We rented a car on shore and spent the day driving around looking at Big Heads. Some of them have bodies too. And hats. Our favorites were in a quarry. The quarry was where the Rapa Nuians would carve the moai. There were 600 or so lying and standing around. We also went to a village site where contestants in a swim-out-to-the-moto-and-retrieve-a-tern-egg contest would stay. The winner got to be Bird Man for a year. He was then accorded privileges almost equal to the king. The village was on the edge of a volcano crater. ABear made friends there with the park rangers and got presents. We also found out what happens to backpackers who stay in exotic locations too long. They go ancient native. We were viewing a row of standing moai and admiring a herd of wild horses that were grazing nearby. I was taking pictures when I noticed a man running amongst the horses. Then I looked again. He was throwing rocks near the horses to herd them away from the moai. But what caught my attention was his attire. He had his long hair in a knot, a homemade quiver on his back and, um, not much else on. He had a teensy weensy frontal piece to a sort-of loin cloth, but his buns were bronzed and bare. After he got the horses to go where he wanted them, he ran barefoot across the clearing and disappeared after them. I don't know if he'll show up in the photos.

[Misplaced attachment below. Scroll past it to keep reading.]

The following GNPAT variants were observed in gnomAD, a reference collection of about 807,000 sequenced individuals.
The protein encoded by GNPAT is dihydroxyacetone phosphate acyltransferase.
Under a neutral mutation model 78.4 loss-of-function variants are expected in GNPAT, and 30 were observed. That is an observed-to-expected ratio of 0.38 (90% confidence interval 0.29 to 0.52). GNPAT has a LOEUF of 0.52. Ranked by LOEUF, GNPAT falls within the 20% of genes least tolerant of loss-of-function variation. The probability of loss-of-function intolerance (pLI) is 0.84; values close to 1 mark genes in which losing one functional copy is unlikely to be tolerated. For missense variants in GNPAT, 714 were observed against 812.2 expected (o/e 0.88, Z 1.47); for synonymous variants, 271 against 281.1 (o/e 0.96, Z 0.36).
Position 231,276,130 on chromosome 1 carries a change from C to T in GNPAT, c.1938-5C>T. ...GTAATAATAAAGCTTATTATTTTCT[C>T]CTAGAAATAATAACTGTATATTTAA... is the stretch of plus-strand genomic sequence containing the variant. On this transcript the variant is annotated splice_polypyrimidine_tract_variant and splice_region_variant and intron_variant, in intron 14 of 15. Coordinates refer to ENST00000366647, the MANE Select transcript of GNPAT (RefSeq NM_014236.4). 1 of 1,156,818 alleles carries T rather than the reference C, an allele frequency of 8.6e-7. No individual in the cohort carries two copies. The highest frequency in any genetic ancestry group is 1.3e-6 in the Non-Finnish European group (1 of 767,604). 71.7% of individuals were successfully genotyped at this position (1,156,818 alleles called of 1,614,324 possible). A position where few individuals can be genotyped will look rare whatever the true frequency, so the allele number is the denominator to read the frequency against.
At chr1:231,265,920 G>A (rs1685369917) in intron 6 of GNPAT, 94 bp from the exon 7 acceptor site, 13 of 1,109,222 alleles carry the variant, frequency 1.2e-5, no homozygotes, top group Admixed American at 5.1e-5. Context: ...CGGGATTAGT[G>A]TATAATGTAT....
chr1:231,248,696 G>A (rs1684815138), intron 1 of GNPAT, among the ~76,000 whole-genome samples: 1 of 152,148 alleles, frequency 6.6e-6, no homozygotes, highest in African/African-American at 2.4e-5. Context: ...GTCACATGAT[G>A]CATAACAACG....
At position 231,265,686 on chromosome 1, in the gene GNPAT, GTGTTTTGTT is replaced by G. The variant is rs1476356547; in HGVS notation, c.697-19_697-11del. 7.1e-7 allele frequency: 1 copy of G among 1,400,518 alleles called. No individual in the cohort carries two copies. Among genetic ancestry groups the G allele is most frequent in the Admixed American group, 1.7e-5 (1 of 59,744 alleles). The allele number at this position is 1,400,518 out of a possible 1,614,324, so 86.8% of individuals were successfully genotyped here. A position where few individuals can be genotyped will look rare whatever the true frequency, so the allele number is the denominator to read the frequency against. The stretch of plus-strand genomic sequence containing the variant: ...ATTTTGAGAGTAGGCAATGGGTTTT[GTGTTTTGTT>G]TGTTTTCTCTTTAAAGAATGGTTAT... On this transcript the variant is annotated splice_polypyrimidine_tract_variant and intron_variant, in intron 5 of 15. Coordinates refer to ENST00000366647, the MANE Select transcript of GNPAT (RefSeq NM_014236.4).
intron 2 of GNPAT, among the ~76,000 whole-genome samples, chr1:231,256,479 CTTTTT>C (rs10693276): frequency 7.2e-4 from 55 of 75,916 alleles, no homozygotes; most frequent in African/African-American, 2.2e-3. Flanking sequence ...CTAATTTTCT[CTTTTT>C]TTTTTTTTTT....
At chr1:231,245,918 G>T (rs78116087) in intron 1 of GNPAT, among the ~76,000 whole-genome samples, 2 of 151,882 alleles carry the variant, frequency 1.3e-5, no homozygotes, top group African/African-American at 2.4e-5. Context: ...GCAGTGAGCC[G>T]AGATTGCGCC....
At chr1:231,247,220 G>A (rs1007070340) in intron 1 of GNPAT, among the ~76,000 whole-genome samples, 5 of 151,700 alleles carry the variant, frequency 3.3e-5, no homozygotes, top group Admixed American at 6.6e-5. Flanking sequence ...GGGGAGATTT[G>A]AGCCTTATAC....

Our friends on Tandem arrived this afternoon and we found excellent ice cream cones.

Date: March 18, 2009

Location: 27º 08.804' S 109º 26.165' W anchored in Hanga Roa, Rapa Nui (Easter Island)

Well, we could still be out there, bobbing along in the anticyclonic synoptico (Armada weather words), but we employed the iron gennie and arrived today. We got out the binocs and were scanning the island for Big Heads as we came around to this anchorage. Geoff and Claire went ashore to check in and got a weather forecast from the Armada. It looks like we have favorable wind to stay in this anchorage and do some exploring. There were already 5 sailboats anchored here when we arrived; three cats, 2 French & 1 American, and 2 sloops, Danish & Antiguan. We've spoken to the French yachties and they think it's an interesting island.

We're happy to be here, and the Big Heads beckon.

Date: March 17, 2009

Location: 26º 55' S 107º 01' W at 1200 hours

Erin go Braugh,

Sure 'en begorra we be wishin' all o' ye a Happy St. Paddy's Day! In addition to the traditional chorizo chop suey, Alex made green sugar cookies. We found light winds again so we entertained ourselves by writing a few limericks.

The Arnolds, those intrepid yachties,

sailed away at increasing knotties,

until they found a zoo

with creatures, yahoo!

and got charts from the friendly coatis.

There once was a sailboat named Fafner

who was prone to hysterical laughter

the crew was in stitches

till they lost their britches

so they wore sarongs ever after.